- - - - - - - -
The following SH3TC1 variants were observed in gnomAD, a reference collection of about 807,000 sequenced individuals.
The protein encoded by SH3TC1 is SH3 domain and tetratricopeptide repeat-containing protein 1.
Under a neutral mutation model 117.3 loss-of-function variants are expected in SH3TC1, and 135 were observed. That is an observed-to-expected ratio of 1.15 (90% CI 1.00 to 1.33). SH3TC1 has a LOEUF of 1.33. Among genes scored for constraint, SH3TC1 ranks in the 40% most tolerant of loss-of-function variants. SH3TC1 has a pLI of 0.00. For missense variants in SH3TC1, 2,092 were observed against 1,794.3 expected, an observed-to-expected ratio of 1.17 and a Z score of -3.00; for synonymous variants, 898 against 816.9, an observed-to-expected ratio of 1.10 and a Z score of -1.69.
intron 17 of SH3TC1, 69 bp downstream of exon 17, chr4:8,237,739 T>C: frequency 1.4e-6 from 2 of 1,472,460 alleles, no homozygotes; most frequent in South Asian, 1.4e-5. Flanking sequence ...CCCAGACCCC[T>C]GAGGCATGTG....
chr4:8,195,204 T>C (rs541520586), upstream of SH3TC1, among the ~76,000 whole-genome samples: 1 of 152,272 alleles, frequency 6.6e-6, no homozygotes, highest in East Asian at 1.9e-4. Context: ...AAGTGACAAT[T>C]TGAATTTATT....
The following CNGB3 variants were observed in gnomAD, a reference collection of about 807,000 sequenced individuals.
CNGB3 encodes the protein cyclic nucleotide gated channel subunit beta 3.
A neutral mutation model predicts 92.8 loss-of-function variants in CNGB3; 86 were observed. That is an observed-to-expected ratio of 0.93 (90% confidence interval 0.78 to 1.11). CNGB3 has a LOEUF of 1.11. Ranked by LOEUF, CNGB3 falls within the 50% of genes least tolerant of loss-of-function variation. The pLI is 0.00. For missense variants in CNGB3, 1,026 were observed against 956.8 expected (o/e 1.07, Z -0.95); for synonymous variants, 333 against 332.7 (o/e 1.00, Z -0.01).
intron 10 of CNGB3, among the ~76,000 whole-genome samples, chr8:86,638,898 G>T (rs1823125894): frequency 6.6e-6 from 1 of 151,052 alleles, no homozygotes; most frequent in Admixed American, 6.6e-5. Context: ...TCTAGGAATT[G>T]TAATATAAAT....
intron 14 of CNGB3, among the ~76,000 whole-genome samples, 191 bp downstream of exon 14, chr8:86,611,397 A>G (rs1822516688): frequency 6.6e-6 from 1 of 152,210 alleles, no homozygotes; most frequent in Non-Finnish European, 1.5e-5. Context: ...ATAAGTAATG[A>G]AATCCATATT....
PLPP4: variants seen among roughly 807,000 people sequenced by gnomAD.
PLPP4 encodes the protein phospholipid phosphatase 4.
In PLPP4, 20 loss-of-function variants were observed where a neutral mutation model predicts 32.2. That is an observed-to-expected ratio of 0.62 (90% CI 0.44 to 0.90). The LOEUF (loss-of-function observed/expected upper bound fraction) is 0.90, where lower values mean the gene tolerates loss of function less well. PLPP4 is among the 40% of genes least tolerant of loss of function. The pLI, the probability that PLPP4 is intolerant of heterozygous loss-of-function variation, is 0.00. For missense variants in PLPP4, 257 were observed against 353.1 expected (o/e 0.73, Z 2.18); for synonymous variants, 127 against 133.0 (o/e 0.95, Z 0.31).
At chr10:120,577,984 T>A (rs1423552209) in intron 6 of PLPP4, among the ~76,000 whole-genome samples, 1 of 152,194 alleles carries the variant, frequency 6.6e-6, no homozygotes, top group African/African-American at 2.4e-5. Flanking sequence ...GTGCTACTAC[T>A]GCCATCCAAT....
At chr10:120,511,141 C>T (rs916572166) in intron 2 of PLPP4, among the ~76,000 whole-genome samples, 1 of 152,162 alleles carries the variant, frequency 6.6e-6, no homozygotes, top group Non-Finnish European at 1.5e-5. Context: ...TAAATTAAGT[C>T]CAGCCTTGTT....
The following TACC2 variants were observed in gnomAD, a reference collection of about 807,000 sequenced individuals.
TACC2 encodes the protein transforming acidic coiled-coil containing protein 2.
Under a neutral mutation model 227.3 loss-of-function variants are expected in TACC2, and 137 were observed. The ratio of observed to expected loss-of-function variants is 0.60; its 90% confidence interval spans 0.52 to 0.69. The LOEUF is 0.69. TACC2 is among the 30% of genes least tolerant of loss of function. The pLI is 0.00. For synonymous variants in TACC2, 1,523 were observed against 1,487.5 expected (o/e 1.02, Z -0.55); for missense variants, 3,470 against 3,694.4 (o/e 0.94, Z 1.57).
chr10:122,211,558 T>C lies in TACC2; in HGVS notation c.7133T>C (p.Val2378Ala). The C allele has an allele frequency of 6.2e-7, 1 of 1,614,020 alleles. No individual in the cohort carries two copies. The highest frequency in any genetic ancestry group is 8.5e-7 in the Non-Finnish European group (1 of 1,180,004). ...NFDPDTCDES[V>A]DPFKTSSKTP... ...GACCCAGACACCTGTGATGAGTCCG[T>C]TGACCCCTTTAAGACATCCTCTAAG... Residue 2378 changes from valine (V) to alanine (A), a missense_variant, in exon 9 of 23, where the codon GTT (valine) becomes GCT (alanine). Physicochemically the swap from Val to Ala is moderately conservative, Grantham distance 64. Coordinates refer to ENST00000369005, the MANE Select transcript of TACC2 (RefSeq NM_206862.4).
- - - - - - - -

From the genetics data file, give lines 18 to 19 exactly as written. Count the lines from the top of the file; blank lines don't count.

Under a neutral mutation model 227.3 loss-of-function variants are expected in TACC2, and 137 were observed. The ratio of observed to expected loss-of-function variants is 0.60; its 90% confidence interval spans 0.52 to 0.69. The LOEUF is 0.69. TACC2 is among the 30% of genes least tolerant of loss of function. The pLI is 0.00. For synonymous variants in TACC2, 1,523 were observed against 1,487.5 expected (o/e 1.02, Z -0.55); for missense variants, 3,470 against 3,694.4 (o/e 0.94, Z 1.57).
chr10:122,211,558 T>C lies in TACC2; in HGVS notation c.7133T>C (p.Val2378Ala). The C allele has an allele frequency of 6.2e-7, 1 of 1,614,020 alleles. No individual in the cohort carries two copies. The highest frequency in any genetic ancestry group is 8.5e-7 in the Non-Finnish European group (1 of 1,180,004). ...NFDPDTCDES[V>A]DPFKTSSKTP... ...GACCCAGACACCTGTGATGAGTCCG[T>C]TGACCCCTTTAAGACATCCTCTAAG... Residue 2378 changes from valine (V) to alanine (A), a missense_variant, in exon 9 of 23, where the codon GTT (valine) becomes GCT (alanine). Physicochemically the swap from Val to Ala is moderately conservative, Grantham distance 64. Coordinates refer to ENST00000369005, the MANE Select transcript of TACC2 (RefSeq NM_206862.4).